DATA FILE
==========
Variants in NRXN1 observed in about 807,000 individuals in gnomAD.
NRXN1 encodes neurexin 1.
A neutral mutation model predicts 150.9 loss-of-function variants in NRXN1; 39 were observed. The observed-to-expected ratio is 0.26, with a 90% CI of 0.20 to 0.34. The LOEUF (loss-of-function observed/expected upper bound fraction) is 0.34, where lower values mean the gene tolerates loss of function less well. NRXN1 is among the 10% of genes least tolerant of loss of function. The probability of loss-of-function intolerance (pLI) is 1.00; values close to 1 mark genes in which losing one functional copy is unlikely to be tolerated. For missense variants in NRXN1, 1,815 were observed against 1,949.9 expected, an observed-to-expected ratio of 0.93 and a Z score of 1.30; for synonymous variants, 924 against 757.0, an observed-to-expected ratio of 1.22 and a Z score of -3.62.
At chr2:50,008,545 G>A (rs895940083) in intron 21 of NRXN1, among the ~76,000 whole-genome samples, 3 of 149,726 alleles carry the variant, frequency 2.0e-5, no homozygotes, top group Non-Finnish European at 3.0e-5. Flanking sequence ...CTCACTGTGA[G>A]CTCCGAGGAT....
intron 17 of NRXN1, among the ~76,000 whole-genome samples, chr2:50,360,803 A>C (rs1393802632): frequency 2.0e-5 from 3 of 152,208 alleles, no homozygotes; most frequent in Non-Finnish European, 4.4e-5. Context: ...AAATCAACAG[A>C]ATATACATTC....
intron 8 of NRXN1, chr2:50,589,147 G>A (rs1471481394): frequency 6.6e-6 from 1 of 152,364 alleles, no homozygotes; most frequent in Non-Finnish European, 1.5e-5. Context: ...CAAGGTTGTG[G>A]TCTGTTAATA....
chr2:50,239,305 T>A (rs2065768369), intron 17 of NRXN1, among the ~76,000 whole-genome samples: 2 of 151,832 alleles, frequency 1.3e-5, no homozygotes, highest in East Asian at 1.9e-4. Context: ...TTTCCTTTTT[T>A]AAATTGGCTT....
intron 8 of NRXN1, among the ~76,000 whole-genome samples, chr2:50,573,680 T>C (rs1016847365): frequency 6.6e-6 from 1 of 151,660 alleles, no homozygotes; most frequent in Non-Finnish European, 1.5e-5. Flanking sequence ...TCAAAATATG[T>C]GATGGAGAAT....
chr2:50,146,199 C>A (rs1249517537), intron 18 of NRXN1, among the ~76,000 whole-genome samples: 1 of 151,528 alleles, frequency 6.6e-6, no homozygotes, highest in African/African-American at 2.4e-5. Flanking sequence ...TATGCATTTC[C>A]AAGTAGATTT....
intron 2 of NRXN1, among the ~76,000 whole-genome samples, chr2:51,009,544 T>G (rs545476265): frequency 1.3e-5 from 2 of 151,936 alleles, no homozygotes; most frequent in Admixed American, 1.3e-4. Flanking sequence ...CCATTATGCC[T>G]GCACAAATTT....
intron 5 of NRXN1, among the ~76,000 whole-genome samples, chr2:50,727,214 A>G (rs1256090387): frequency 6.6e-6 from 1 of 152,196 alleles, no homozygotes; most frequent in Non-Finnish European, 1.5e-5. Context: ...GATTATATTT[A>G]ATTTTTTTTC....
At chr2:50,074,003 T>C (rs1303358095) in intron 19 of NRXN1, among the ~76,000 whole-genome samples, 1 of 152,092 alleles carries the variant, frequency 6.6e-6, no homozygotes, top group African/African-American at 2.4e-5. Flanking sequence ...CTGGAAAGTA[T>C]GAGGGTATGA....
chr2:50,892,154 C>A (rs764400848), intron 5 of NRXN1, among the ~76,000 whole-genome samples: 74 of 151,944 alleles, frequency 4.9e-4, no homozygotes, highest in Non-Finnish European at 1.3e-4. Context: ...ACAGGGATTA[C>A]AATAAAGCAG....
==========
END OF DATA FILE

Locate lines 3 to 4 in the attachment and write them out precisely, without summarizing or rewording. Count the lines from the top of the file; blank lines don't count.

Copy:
A neutral mutation model predicts 150.9 loss-of-function variants in NRXN1; 39 were observed. The observed-to-expected ratio is 0.26, with a 90% CI of 0.20 to 0.34. The LOEUF (loss-of-function observed/expected upper bound fraction) is 0.34, where lower values mean the gene tolerates loss of function less well. NRXN1 is among the 10% of genes least tolerant of loss of function. The probability of loss-of-function intolerance (pLI) is 1.00; values close to 1 mark genes in which losing one functional copy is unlikely to be tolerated. For missense variants in NRXN1, 1,815 were observed against 1,949.9 expected, an observed-to-expected ratio of 0.93 and a Z score of 1.30; for synonymous variants, 924 against 757.0, an observed-to-expected ratio of 1.22 and a Z score of -3.62.
At chr2:50,008,545 G>A (rs895940083) in intron 21 of NRXN1, among the ~76,000 whole-genome samples, 3 of 149,726 alleles carry the variant, frequency 2.0e-5, no homozygotes, top group Non-Finnish European at 3.0e-5. Flanking sequence ...CTCACTGTGA[G>A]CTCCGAGGAT....